Rex Turner

Date of Award


Level of Access Assigned by Author

Open-Access Thesis

Degree Name

Master of Science (MS)


Forest Resources


Wilbur LaPage

Second Committee Member

John Daigle

Third Committee Member

MaryAnn McGarry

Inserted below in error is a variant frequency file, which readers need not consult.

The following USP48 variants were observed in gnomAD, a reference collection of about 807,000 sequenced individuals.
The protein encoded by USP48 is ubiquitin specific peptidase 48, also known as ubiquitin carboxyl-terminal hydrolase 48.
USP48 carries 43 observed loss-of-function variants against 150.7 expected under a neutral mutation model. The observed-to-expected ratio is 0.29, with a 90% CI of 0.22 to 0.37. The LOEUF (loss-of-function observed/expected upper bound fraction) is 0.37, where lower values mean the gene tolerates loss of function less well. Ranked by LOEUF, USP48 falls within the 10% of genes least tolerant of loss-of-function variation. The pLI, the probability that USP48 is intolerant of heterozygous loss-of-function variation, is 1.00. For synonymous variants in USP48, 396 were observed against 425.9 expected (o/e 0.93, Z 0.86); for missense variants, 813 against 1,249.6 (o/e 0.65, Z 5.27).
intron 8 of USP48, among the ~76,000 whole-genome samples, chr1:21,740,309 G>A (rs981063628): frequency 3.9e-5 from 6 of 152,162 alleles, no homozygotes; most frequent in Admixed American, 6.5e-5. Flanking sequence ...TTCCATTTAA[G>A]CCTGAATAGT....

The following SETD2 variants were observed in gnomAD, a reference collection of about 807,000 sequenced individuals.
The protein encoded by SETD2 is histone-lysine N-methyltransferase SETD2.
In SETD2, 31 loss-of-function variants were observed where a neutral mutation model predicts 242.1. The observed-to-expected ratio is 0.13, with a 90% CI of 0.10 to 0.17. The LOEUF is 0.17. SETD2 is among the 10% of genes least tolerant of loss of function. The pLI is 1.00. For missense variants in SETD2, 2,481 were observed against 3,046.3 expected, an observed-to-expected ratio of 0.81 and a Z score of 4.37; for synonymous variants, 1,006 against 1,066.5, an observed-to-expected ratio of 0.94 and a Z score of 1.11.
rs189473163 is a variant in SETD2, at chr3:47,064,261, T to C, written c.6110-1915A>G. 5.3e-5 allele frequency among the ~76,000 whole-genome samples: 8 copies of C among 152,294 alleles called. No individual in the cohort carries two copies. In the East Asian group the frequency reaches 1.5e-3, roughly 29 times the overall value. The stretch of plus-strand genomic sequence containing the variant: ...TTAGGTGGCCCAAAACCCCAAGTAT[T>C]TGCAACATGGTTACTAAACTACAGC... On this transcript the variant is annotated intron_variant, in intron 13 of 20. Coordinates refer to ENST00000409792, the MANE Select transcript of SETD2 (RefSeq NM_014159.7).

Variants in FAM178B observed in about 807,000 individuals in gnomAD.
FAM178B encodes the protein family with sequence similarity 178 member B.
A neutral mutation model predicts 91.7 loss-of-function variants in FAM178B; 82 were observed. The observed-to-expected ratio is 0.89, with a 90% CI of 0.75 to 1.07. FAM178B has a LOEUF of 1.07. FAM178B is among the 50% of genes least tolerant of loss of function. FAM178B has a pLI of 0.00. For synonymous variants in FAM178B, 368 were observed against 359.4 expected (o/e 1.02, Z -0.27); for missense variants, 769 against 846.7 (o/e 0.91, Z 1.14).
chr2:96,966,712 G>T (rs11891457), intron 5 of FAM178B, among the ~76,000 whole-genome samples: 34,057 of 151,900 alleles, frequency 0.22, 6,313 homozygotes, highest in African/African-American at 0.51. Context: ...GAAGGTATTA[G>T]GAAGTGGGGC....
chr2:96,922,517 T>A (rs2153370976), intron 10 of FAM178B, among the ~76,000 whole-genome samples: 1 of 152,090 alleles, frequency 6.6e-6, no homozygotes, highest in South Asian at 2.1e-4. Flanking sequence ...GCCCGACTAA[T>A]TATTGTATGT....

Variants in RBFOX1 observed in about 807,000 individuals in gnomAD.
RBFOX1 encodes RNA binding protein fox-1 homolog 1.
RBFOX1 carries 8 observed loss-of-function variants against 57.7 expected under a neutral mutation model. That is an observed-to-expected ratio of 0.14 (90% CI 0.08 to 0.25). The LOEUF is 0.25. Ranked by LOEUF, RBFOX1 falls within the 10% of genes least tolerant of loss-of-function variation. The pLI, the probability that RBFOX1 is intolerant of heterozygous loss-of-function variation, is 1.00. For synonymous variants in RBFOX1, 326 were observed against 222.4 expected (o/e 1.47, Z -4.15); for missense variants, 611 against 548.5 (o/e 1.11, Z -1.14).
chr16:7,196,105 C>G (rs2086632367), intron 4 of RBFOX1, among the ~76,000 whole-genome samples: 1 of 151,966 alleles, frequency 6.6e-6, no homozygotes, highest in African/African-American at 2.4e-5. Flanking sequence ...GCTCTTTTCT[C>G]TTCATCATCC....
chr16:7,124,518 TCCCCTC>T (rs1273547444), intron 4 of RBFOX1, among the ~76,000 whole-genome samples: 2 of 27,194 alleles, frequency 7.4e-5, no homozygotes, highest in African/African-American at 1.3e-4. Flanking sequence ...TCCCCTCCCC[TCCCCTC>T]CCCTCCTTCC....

The summit of Cadillac Mountain, located in Maine's Acadia National Park, can be reached via three hiking trails and a scenic auto road. This site attracts over an estimated two million visitors per year. Most of this visitation is concentrated from Memorial Day to Labor Day. The sensitive sub-alpine nature of the site, coupled with high visitation rates, has created a scenario where significant vegetation and soil damage occurs. Additionally, Acadia National Park has experienced chronic problems at this site stemming from visitors altering, destroying, or constructing cairns (pyramid shaped piles of rocks built by trail crews to mark trails and guide hikers). In an attempt to describe visitor behaviors and the context in which those behaviors occur, an unobtrusive, observational study was conducted on the summit of Cadillac from June 19,2000 through October 4,2000. Field observation periods totaled 219 hours and were performed on 31 weekdays and 9 weekend days. The primary observer's researcher role was concealed by appearing to look like a hiker, nature enthusiast, reader, or tourist. Observations of visitors' actions and comments, recorded during stationary and roving observation periods, were subtlety recorded in a small, inconspicuous journal. To analyze the data, field note entries were organized into general categories. Individual entries were coded for specific themes or patterns identified by constantly comparing and analyzing the entries. Emerging theories/hypotheses, which were borne out of (or grounded in) recorded data, are discussed in relation to potential management approaches. Most impacts to the site occur in a positive social atmosphere. Damaging behaviors such as cairn building and trampling did not appear to show malicious or even rebellious intent. Cairn building was most attributable to families with young children. Findings identified numerous factors influencing off-trail travel (e.g. personal space, photography, picnicking, etc.). Furthermore, insight was gained about how visitors react to low-impact messages (on signs) and to physical barriers erected to protect damaged areas. Future research and management considerations are put forth based on the results of this study. Particular emphasis is given to persuasive communication. The influence of high visitation rates on several potential management strategies is discussed.